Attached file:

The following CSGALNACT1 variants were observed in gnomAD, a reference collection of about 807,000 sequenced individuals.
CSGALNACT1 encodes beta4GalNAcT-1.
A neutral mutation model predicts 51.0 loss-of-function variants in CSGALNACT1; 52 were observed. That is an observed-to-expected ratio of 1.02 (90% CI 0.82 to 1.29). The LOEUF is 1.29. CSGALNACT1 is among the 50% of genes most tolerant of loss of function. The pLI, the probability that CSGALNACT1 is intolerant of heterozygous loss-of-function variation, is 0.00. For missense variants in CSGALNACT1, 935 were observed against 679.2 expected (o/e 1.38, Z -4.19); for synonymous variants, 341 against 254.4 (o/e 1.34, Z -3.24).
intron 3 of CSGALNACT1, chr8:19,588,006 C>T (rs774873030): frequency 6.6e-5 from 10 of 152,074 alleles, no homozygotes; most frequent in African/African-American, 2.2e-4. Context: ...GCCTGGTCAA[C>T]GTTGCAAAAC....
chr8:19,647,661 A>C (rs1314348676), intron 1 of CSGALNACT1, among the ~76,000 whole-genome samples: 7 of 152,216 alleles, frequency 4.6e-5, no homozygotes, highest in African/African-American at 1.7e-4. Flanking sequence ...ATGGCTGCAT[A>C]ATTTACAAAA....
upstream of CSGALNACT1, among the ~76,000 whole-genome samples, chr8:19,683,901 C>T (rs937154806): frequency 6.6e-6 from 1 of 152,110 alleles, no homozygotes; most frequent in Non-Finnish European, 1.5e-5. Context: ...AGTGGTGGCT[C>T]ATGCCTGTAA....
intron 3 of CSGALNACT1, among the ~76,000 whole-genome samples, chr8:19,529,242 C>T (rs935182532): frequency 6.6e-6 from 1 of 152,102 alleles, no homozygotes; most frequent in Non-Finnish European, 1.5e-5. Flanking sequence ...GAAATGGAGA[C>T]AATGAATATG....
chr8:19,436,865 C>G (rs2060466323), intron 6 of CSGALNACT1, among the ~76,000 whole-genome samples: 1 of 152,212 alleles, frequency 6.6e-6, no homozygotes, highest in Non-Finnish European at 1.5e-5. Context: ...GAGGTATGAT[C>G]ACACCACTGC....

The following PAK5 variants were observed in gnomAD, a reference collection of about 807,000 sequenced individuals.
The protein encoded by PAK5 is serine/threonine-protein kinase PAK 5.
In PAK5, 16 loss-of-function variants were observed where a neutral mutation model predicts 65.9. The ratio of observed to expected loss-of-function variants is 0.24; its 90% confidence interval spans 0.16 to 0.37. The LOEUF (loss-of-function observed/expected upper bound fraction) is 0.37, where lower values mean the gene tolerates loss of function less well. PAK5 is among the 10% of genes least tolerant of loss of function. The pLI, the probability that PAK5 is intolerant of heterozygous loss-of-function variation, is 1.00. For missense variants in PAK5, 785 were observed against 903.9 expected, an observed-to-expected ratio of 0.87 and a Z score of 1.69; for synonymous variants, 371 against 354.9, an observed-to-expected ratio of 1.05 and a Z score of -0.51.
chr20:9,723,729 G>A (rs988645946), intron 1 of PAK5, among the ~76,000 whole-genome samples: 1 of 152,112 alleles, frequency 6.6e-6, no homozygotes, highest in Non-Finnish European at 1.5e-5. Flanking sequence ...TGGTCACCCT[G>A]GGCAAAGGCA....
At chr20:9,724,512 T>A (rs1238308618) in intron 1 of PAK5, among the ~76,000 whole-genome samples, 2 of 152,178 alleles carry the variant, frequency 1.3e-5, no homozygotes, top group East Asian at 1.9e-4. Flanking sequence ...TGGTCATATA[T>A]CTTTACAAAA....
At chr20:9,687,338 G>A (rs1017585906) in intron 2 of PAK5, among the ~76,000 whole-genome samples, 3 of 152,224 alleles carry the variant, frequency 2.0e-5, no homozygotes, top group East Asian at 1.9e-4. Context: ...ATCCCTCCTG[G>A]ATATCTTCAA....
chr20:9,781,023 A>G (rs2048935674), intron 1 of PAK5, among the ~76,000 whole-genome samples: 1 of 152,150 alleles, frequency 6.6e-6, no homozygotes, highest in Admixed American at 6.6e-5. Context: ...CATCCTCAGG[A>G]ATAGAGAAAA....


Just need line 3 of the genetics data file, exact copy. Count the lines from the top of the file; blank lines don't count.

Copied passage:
A neutral mutation model predicts 51.0 loss-of-function variants in CSGALNACT1; 52 were observed. That is an observed-to-expected ratio of 1.02 (90% CI 0.82 to 1.29). The LOEUF is 1.29. CSGALNACT1 is among the 50% of genes most tolerant of loss of function. The pLI, the probability that CSGALNACT1 is intolerant of heterozygous loss-of-function variation, is 0.00. For missense variants in CSGALNACT1, 935 were observed against 679.2 expected (o/e 1.38, Z -4.19); for synonymous variants, 341 against 254.4 (o/e 1.34, Z -3.24).